When Einstein tilted at windmills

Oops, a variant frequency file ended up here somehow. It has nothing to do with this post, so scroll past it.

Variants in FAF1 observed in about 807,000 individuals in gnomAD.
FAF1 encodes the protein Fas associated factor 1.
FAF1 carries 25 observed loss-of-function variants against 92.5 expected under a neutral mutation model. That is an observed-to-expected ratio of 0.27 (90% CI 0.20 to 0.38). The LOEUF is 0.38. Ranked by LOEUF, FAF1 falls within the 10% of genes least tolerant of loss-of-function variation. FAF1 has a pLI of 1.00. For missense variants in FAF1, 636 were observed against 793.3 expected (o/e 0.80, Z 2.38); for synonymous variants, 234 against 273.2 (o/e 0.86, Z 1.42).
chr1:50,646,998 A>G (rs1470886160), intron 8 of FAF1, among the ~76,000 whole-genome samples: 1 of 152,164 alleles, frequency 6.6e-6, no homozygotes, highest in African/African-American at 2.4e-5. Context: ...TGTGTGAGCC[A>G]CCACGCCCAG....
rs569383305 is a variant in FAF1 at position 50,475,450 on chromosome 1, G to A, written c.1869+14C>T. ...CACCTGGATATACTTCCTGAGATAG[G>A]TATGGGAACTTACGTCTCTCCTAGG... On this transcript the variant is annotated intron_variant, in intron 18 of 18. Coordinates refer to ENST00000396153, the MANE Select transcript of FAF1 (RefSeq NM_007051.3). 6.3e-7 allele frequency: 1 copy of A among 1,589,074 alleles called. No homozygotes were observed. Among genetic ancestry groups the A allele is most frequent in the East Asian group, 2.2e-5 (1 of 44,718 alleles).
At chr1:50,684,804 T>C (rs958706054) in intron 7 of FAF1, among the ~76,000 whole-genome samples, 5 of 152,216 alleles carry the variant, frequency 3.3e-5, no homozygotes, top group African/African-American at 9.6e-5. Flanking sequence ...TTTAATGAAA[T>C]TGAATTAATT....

One of the most remarkable stories you will hear about the physicist's quest to prove Ernst Mach's theories. In Nautilus, Amanda Gefter describes to us a fascinating "three-men play" featuring no other than physicists Albert Einstein, Ernst Mach and Michele Besso. The Italian became a "sidekick of sorts" to Einstein and introduced him to Mach's works — an instrumental part in completing the German's famous theory of special relativity. "It must have been an unsettling feeling for Einstein—watching his theory gather steam and speed away from him, proving the very thing he had set out to disprove. The problem was that, according to the theory, spacetime geometry was not fully determined by the distribution of matter in the universe, so that even if you removed everything observable, some extra ingredient still remained—spacetime itself, dynamic yet absolute. It created an unbridgeable divide between the physical world and the mind, inviting, in its realist stance, a whiff of pure belief, even mysticism—the belief in a four-dimensional substratum, the paper on which reality is drawn, though the paper itself is invisible."